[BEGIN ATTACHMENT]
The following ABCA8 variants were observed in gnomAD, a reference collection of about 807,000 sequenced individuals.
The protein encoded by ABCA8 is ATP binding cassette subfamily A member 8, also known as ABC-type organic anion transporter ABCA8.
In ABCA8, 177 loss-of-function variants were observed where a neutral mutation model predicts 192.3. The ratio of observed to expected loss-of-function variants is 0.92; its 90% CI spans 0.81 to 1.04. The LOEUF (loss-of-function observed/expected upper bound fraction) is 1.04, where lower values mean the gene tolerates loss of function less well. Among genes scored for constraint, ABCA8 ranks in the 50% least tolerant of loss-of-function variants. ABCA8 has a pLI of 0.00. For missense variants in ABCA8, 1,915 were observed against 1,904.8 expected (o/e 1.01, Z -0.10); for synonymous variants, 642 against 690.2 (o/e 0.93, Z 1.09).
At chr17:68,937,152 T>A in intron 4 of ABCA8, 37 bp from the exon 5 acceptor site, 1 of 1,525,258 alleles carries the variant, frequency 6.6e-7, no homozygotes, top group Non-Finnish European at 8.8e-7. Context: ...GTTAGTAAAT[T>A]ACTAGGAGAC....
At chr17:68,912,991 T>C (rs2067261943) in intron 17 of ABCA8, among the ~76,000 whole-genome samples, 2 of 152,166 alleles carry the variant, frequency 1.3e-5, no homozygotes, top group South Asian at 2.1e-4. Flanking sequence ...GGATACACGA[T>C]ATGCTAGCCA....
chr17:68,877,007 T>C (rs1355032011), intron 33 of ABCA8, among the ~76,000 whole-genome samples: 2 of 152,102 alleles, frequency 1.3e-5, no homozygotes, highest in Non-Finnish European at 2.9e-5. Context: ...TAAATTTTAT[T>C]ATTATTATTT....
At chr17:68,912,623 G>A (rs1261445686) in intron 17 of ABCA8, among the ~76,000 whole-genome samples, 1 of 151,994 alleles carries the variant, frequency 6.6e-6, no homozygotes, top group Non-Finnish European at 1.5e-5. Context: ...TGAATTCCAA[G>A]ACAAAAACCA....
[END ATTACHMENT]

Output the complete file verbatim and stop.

The following ABCA8 variants were observed in gnomAD, a reference collection of about 807,000 sequenced individuals.
The protein encoded by ABCA8 is ATP binding cassette subfamily A member 8, also known as ABC-type organic anion transporter ABCA8.
In ABCA8, 177 loss-of-function variants were observed where a neutral mutation model predicts 192.3. The ratio of observed to expected loss-of-function variants is 0.92; its 90% CI spans 0.81 to 1.04. The LOEUF (loss-of-function observed/expected upper bound fraction) is 1.04, where lower values mean the gene tolerates loss of function less well. Among genes scored for constraint, ABCA8 ranks in the 50% least tolerant of loss-of-function variants. ABCA8 has a pLI of 0.00. For missense variants in ABCA8, 1,915 were observed against 1,904.8 expected (o/e 1.01, Z -0.10); for synonymous variants, 642 against 690.2 (o/e 0.93, Z 1.09).
At chr17:68,937,152 T>A in intron 4 of ABCA8, 37 bp from the exon 5 acceptor site, 1 of 1,525,258 alleles carries the variant, frequency 6.6e-7, no homozygotes, top group Non-Finnish European at 8.8e-7. Context: ...GTTAGTAAAT[T>A]ACTAGGAGAC....
At chr17:68,912,991 T>C (rs2067261943) in intron 17 of ABCA8, among the ~76,000 whole-genome samples, 2 of 152,166 alleles carry the variant, frequency 1.3e-5, no homozygotes, top group South Asian at 2.1e-4. Flanking sequence ...GGATACACGA[T>C]ATGCTAGCCA....
chr17:68,877,007 T>C (rs1355032011), intron 33 of ABCA8, among the ~76,000 whole-genome samples: 2 of 152,102 alleles, frequency 1.3e-5, no homozygotes, highest in Non-Finnish European at 2.9e-5. Context: ...TAAATTTTAT[T>C]ATTATTATTT....
At chr17:68,912,623 G>A (rs1261445686) in intron 17 of ABCA8, among the ~76,000 whole-genome samples, 1 of 151,994 alleles carries the variant, frequency 6.6e-6, no homozygotes, top group Non-Finnish European at 1.5e-5. Context: ...TGAATTCCAA[G>A]ACAAAAACCA....